To my surprise, I then got a call from the chief executive of the Health Education Authority, who had seen my promotion of the bagels and wanted me to sit on a consumer health advisory board at the House of Commons. I expressed that I was by no means a consumer health expert but was happy to contribute my thoughts. After sitting in several meetings, I explained that the way they were speaking, full of different numbers and technical terms, wasn’t going to resonate with the public. Instead, I proposed the idea of an algorithm that generated one number that showed the patient’s risk of developing heart disease or a stroke. With the help of academics, this number, QRISK, is now in every GP practice in the UK.

The Government then asked if I would set up the national screening programme for cardiovascular disease to identify people with undiagnosed hypertension and hyperlipidaemia. I applied an engineering approach to design a portable system with everything screeners needed, from blood pressure monitors and scales to a laptop and sharps bin. The screeners I trained were sports scientists and exercise physiologists, who went on to screen over 1 million people. We advanced this further by setting up over 2500 pharmacy clinics to measure the blood pressure of patients over three weeks to make the system more efficient for GPs. I also ran the national diabetes screening programme, which found 750,000 undiagnosed diabetics in three years.

Uncovering the root cause

After this I got a call from the Scottish Government asking if I could help them to reduce heart disease in Hamilton. At the time, Hamilton was proud to be the centre of heart disease in Europe, so I had a difficult challenge ahead. They provided me with £250,000, a nurse and an office to come up with a way to change the Hamilton community’s lifestyle. I started out by holding a meeting at a leisure centre to talk to the community and find out why the problem was there.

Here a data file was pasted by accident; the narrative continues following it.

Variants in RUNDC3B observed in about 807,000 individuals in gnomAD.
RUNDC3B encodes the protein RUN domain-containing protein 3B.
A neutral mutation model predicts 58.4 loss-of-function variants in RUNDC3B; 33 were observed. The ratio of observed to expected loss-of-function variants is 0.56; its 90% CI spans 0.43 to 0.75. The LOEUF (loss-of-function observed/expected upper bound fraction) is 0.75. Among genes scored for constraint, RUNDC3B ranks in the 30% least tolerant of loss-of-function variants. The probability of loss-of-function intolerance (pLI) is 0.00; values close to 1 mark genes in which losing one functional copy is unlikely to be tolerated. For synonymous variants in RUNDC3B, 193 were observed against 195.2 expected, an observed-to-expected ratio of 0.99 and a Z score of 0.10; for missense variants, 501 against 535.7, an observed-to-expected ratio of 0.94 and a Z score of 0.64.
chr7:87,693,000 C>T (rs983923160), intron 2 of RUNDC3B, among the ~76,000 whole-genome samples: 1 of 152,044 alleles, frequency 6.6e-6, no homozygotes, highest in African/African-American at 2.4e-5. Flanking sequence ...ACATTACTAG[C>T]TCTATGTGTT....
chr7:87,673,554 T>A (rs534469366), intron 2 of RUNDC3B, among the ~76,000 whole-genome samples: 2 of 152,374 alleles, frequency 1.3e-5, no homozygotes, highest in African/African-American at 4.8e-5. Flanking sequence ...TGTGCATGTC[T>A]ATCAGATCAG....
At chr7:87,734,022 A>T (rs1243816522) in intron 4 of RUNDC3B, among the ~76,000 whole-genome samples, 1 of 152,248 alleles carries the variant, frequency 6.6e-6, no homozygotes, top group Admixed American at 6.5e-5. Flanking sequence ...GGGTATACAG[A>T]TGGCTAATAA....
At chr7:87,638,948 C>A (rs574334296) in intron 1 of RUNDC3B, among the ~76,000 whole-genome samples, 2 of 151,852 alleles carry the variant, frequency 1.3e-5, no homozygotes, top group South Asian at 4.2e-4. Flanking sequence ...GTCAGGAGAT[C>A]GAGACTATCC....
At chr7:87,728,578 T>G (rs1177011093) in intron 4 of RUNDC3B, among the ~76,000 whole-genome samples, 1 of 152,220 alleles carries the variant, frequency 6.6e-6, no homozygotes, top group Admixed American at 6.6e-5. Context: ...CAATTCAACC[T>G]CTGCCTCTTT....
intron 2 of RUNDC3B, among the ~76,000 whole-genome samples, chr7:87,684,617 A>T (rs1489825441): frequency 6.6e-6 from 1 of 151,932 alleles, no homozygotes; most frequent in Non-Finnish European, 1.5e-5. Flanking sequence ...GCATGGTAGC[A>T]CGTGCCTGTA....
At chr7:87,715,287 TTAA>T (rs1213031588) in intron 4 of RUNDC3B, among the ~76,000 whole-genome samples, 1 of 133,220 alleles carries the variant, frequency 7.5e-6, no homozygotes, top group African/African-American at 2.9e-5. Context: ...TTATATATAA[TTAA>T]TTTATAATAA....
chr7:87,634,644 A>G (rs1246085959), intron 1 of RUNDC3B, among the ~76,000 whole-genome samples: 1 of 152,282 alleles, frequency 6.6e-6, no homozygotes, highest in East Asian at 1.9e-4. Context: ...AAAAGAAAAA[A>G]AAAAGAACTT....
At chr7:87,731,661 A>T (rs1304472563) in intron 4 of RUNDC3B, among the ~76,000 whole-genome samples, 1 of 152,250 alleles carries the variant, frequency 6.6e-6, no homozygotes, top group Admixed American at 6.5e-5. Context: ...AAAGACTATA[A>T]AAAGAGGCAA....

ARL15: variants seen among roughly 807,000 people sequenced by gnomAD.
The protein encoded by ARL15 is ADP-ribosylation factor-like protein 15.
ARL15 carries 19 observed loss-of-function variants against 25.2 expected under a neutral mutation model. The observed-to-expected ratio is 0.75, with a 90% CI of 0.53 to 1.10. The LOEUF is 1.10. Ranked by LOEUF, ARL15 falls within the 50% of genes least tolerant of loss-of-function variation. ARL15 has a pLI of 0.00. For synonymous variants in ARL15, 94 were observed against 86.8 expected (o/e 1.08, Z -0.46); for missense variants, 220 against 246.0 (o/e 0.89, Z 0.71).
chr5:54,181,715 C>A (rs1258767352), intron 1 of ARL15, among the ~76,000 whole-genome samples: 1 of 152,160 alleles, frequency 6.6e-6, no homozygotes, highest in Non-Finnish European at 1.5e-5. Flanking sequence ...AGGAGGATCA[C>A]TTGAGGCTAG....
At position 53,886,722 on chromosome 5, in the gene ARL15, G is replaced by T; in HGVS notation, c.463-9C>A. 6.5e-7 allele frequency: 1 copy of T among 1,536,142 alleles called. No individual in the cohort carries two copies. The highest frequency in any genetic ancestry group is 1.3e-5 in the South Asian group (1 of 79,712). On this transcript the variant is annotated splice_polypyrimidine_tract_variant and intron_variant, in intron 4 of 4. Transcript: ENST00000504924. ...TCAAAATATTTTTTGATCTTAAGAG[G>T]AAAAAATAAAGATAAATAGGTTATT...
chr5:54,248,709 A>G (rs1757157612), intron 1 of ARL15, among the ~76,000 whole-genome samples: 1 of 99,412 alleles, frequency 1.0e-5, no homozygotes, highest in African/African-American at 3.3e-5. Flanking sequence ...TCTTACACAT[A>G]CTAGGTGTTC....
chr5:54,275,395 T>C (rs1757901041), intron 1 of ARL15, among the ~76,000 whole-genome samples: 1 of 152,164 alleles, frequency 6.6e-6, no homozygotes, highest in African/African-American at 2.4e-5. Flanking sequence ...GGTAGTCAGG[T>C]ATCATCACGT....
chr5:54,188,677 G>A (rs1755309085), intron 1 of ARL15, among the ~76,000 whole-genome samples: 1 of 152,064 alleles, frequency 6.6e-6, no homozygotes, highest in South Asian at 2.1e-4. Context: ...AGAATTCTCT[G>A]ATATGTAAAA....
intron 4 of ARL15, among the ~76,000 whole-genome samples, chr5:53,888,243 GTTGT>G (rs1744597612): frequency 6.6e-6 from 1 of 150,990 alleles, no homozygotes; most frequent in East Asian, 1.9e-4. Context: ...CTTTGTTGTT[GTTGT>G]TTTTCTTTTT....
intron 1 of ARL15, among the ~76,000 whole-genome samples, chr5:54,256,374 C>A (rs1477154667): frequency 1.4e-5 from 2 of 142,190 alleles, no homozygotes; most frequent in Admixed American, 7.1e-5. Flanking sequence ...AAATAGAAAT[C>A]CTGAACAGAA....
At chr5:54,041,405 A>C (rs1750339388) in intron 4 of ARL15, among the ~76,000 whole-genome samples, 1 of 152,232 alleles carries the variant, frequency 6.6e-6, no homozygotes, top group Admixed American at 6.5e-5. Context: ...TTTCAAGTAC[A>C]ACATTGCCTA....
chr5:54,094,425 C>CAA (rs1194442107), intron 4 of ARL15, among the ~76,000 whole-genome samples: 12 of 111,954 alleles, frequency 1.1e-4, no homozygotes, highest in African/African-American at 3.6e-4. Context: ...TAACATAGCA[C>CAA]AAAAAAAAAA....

After peeling back the layers, I discovered that it was because Hamiltonians had no hope, as many struggled with reading and writing and therefore had poor career prospects. To rectify this, I gave them free access to the leisure centre twice a week for organised sports, along with a free bus pass to get there and a healthy meal at each session. They were also given access to wellbeing programmes and a health check every three months. As well as this, they were taught how to read and write and supported to get a job. Within 6 months, street crime had dropped by over 50%. Over 11 years, 27,000 people went through the programme, significantly reducing heart disease by giving people hope and potential. The programme was such a success that Prince Charles paid a royal visit.

Pioneering in healthcare

I then went on to further develop QRISK with Aviva to create the product ‘My Health Count’. In addition, Vitality asked me to run a national screening programme for its members. I took the algorithm globally and travelled the world setting up offices, building teams, designing pharmacy infrastructures, and building insurance products based around behaviour change and preservation. I also bought some private GP clinics in London, set up an occupational health business and ran many other national screening programmes, such as for HMRC and Royal Mail.

My next endeavour was working with a professor to set up a clinical entrepreneur programme to provide doctors with the commercial skills to create and spread innovative technology for the benefit of patients. Over 1000 clinical entrepreneurs have been on the programme – it’s the largest in the world. I have 24 investments across the programme, from medical devices to healthcare insurance and AI.

I then set up CareRooms, a care B&B model to take homeowners’ spare rooms and turn them into step-up and step-down care environments for patients to prevent them going into homes. The model prevents loneliness by keeping patients in the community. We’re taking it internationally at the moment.